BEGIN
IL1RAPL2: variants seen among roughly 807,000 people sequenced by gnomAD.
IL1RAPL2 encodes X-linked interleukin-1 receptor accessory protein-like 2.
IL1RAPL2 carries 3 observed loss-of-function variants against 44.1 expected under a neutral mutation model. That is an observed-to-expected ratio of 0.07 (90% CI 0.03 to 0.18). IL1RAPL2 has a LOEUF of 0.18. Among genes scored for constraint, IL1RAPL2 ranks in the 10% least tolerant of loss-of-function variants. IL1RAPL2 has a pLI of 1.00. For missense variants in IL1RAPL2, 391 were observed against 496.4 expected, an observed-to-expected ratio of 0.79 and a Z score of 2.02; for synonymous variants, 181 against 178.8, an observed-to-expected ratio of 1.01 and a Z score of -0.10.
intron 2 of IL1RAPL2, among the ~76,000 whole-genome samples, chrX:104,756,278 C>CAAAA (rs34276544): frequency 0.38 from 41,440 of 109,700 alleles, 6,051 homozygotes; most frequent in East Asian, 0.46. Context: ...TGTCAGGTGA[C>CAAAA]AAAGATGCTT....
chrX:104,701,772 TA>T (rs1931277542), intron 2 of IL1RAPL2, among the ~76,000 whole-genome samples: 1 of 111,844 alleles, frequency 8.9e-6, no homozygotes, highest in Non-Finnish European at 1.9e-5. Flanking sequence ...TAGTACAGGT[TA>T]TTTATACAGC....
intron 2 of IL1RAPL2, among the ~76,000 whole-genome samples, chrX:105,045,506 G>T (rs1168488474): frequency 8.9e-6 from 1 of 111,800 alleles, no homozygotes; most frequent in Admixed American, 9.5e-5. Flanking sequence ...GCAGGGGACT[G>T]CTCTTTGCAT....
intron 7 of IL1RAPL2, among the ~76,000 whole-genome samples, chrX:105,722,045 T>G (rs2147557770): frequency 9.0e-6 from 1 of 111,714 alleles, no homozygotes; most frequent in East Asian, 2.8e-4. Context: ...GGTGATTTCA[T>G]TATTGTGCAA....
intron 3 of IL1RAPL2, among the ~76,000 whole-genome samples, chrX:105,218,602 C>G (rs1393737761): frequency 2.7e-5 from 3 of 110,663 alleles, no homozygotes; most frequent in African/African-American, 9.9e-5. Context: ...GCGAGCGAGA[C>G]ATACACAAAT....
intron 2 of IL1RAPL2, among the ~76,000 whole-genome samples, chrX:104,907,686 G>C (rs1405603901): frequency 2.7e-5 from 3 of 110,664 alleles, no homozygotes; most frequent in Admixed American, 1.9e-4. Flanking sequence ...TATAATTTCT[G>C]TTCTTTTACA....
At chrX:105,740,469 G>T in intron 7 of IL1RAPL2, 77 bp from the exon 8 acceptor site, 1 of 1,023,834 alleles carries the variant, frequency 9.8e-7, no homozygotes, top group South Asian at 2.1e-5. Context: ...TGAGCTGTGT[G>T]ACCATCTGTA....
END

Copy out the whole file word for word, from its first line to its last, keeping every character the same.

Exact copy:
IL1RAPL2: variants seen among roughly 807,000 people sequenced by gnomAD.
IL1RAPL2 encodes X-linked interleukin-1 receptor accessory protein-like 2.
IL1RAPL2 carries 3 observed loss-of-function variants against 44.1 expected under a neutral mutation model. That is an observed-to-expected ratio of 0.07 (90% CI 0.03 to 0.18). IL1RAPL2 has a LOEUF of 0.18. Among genes scored for constraint, IL1RAPL2 ranks in the 10% least tolerant of loss-of-function variants. IL1RAPL2 has a pLI of 1.00. For missense variants in IL1RAPL2, 391 were observed against 496.4 expected, an observed-to-expected ratio of 0.79 and a Z score of 2.02; for synonymous variants, 181 against 178.8, an observed-to-expected ratio of 1.01 and a Z score of -0.10.
intron 2 of IL1RAPL2, among the ~76,000 whole-genome samples, chrX:104,756,278 C>CAAAA (rs34276544): frequency 0.38 from 41,440 of 109,700 alleles, 6,051 homozygotes; most frequent in East Asian, 0.46. Context: ...TGTCAGGTGA[C>CAAAA]AAAGATGCTT....
chrX:104,701,772 TA>T (rs1931277542), intron 2 of IL1RAPL2, among the ~76,000 whole-genome samples: 1 of 111,844 alleles, frequency 8.9e-6, no homozygotes, highest in Non-Finnish European at 1.9e-5. Flanking sequence ...TAGTACAGGT[TA>T]TTTATACAGC....
intron 2 of IL1RAPL2, among the ~76,000 whole-genome samples, chrX:105,045,506 G>T (rs1168488474): frequency 8.9e-6 from 1 of 111,800 alleles, no homozygotes; most frequent in Admixed American, 9.5e-5. Flanking sequence ...GCAGGGGACT[G>T]CTCTTTGCAT....
intron 7 of IL1RAPL2, among the ~76,000 whole-genome samples, chrX:105,722,045 T>G (rs2147557770): frequency 9.0e-6 from 1 of 111,714 alleles, no homozygotes; most frequent in East Asian, 2.8e-4. Context: ...GGTGATTTCA[T>G]TATTGTGCAA....
intron 3 of IL1RAPL2, among the ~76,000 whole-genome samples, chrX:105,218,602 C>G (rs1393737761): frequency 2.7e-5 from 3 of 110,663 alleles, no homozygotes; most frequent in African/African-American, 9.9e-5. Context: ...GCGAGCGAGA[C>G]ATACACAAAT....
intron 2 of IL1RAPL2, among the ~76,000 whole-genome samples, chrX:104,907,686 G>C (rs1405603901): frequency 2.7e-5 from 3 of 110,664 alleles, no homozygotes; most frequent in Admixed American, 1.9e-4. Flanking sequence ...TATAATTTCT[G>C]TTCTTTTACA....
At chrX:105,740,469 G>T in intron 7 of IL1RAPL2, 77 bp from the exon 8 acceptor site, 1 of 1,023,834 alleles carries the variant, frequency 9.8e-7, no homozygotes, top group South Asian at 2.1e-5. Context: ...TGAGCTGTGT[G>T]ACCATCTGTA....